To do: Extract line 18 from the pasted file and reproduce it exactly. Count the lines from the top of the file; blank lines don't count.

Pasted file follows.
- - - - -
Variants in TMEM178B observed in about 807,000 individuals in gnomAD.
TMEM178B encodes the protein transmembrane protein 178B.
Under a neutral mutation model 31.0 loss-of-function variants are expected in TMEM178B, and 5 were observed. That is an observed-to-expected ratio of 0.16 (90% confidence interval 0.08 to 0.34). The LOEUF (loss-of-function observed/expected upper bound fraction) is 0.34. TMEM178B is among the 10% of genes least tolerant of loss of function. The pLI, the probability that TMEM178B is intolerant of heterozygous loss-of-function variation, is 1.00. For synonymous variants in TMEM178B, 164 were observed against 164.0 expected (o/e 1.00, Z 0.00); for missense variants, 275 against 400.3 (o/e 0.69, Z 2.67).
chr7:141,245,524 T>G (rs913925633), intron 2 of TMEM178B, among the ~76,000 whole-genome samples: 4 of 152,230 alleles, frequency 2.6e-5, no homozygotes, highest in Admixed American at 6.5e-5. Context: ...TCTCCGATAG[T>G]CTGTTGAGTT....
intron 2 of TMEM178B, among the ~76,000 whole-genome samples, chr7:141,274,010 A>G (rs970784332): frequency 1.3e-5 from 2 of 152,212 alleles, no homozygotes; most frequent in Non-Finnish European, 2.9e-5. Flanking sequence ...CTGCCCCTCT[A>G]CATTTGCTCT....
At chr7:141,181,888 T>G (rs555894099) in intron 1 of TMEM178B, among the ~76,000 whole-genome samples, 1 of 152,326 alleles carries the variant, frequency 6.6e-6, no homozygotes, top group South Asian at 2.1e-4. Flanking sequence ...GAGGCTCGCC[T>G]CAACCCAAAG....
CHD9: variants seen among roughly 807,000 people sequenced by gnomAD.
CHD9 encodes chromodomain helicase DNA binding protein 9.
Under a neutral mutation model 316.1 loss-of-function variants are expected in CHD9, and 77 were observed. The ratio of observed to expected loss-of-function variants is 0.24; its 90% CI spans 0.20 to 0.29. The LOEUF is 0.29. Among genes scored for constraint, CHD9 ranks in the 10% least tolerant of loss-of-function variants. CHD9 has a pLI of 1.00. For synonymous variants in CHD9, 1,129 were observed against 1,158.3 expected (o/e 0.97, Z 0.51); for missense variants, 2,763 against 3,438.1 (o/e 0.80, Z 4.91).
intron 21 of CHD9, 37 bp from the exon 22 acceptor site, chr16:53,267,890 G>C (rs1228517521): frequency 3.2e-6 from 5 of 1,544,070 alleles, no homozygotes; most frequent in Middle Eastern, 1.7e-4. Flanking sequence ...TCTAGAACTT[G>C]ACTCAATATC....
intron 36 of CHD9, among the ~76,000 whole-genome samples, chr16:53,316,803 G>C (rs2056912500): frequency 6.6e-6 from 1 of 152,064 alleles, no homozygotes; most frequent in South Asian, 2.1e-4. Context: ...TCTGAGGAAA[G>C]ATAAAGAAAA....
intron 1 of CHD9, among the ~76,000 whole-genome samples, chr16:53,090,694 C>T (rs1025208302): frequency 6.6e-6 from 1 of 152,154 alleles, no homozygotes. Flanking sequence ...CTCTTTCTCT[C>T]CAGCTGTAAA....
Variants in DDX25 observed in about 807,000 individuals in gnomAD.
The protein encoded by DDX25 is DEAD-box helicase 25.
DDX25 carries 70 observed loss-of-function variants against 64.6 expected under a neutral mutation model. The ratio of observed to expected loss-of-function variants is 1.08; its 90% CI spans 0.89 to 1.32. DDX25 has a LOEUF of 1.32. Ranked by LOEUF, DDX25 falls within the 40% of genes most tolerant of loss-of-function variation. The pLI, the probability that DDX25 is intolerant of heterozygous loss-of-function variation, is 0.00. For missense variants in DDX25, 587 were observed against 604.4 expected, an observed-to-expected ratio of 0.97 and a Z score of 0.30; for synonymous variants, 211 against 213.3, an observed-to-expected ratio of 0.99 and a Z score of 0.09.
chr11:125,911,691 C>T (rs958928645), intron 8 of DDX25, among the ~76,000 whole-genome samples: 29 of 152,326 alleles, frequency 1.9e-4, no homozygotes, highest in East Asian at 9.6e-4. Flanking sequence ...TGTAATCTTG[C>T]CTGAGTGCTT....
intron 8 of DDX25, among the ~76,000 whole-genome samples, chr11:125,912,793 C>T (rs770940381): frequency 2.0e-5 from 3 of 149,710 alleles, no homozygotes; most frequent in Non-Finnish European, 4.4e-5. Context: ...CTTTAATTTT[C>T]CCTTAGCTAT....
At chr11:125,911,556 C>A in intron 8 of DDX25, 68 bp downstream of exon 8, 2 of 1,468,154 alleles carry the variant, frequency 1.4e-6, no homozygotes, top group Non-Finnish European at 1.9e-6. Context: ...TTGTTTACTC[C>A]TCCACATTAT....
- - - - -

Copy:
At chr11:125,911,556 C>A in intron 8 of DDX25, 68 bp downstream of exon 8, 2 of 1,468,154 alleles carry the variant, frequency 1.4e-6, no homozygotes, top group Non-Finnish European at 1.9e-6. Context: ...TTGTTTACTC[C>A]TCCACATTAT....